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A Filmmaker's Review: “The Omen” (1976)

5/5 - A highly effective lesson in body horror

By Annie KapurPublished 4 years ago 3 min read

Over many years I have watched “The Omen” (1976) multiple times and have never actually brought myself to review it mostly because I was conflicted about the film. There are many things that make this film one of the greatest thrillers of all time and many things that make this film an amazing lesson in horror. I have been mostly conflicted about what I should cover. As someone who did their MA Thesis mostly in physical and visual body horror, I would like to concentrate on this particular realm in the film and tell you exactly why this is one of the best films to watch for this particular case. In this, we cover the way in which the human body is used as a medium and a force for the tension, the climax and the shock that we feel when something frightening happens. This film, mostly relying on tension, builds to a climax using the human body as the catalyst purely because it is the very thing the film is about: the antichrist has embodied the child. After we understand this, the body horror seems to work in incredible ways if we add to it the Latin Choir that keeps playing every single time the child is responsible for something evil. It is not the child’s body, but the bodies of the other characters that become part and parcel to the horror as the film builds to its climax seemingly at the end of the narrative.

The first aspect of the body horror is when the nanny hangs herself outside the house on the fifth birthday of the child when the dog also randomly appears out of nowhere. This is part of the body horror because it is this that presents the first real tension of the film. It is from this that the story builds and this is also the first point of shock. It is highly effective because of the event of a woman hanging herself is juxtaposed against a child’s birthday party where many children are present and seemingly having a great time. The emotional level of the body horror is that we sympathise with the children who had to witness this rather than are actually scared of the woman who has hanged herself. It is highly effective in the physical, the emotional and even the sense of how it creates meaning for the rest of the film.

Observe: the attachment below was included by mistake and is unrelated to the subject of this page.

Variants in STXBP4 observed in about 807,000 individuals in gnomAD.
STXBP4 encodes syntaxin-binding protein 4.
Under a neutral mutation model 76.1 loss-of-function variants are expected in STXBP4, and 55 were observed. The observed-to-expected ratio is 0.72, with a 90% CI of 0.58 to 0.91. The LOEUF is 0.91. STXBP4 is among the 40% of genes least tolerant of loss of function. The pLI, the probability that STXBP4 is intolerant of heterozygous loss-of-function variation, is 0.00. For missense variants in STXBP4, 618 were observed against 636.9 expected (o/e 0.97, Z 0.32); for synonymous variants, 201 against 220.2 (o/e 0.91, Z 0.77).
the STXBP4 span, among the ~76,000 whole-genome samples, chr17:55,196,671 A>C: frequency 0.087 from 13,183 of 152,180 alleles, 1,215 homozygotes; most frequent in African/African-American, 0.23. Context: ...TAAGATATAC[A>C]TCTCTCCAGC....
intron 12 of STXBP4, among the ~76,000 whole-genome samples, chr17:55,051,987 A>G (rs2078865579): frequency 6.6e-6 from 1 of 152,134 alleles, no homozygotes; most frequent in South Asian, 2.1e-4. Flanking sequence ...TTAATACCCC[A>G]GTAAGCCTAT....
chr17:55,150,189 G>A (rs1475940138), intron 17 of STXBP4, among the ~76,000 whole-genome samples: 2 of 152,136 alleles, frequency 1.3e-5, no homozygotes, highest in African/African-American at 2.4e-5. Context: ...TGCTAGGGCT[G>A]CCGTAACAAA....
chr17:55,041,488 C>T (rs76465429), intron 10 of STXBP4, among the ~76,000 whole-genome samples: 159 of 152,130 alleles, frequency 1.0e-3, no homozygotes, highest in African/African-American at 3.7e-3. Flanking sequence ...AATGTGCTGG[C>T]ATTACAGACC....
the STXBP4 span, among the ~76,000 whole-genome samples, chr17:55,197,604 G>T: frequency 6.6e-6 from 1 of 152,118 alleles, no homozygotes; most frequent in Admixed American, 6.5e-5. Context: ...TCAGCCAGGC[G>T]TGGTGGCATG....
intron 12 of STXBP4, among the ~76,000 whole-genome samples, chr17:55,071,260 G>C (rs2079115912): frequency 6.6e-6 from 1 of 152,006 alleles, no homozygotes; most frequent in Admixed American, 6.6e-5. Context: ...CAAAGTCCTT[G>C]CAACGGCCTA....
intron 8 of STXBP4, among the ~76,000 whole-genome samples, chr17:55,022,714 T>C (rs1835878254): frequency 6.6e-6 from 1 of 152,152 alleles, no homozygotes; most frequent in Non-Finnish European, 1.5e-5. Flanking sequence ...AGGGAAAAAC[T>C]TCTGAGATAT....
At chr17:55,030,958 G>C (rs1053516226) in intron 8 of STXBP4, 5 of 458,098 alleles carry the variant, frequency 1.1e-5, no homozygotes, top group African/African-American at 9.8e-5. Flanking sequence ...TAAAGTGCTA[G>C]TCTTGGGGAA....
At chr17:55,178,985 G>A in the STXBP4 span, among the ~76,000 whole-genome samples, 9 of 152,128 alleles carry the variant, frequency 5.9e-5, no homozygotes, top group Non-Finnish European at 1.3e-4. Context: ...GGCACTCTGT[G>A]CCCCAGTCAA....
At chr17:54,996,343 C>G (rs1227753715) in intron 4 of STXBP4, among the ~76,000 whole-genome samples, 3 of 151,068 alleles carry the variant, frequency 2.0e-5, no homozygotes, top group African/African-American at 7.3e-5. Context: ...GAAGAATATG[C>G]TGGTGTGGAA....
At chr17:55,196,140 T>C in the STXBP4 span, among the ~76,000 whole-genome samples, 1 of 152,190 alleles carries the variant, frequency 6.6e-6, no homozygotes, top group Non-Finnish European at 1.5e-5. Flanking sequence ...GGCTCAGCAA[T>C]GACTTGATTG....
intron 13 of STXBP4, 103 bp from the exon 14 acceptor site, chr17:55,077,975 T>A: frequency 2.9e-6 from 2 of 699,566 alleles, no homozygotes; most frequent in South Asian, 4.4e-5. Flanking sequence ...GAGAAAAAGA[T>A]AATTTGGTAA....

When the priest dies there is a similar thing created but with a slightly different meaning. It is the priest who warned the father about the child and now, he is dead by being impaled - he has had a spear go straight through him. It is this event that teaches the audience that not only was the priest correct in his analysis of the child but now, there is nobody to help the father and guide him to rescuing his wife. The second major tension in the film happens when something of value to the narrative of ‘good’ is taken away and makes unreliable amounts of room for ‘evil’. Since the priest is now dead, the child can get on with his next move whilst it is still unknown as to how much the father believed the priest. Working emotionally for the storyline, the audience sees and recognises this as a major movement in the plot and therefore reduces the amount of hope they have for the redemption of the story.

Finally, with the death of the photographer and the parents, we get the amount of body horror that pushes the story towards the end of the film. It is the death of the photographer in the graphic method that pulls the story into its last major climax and possibly teaches the audience how hope is now lost. The father attempts to salvage it by killed the new nanny but, is unable to conquer the forces the child possesses. It is this movement at the end of the film that makes the movie defiant and therefore, subversive in its values. Unlike in “The Exorcist” where we have a redemptive quality of Father Karras collecting the demon into his own being to save the child - we have in this film, just a purely evil child.

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About the Creator

Annie Kapur

200K+ Reads on Vocal.

Secondary English Teacher & Lecturer

🎓Literature & Writing (B.A)

🎓Film & Writing (M.A)

🎓Secondary English Education (PgDipEd) (QTS)

📍Birmingham, UK

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    Annie KapurWritten by Annie Kapur

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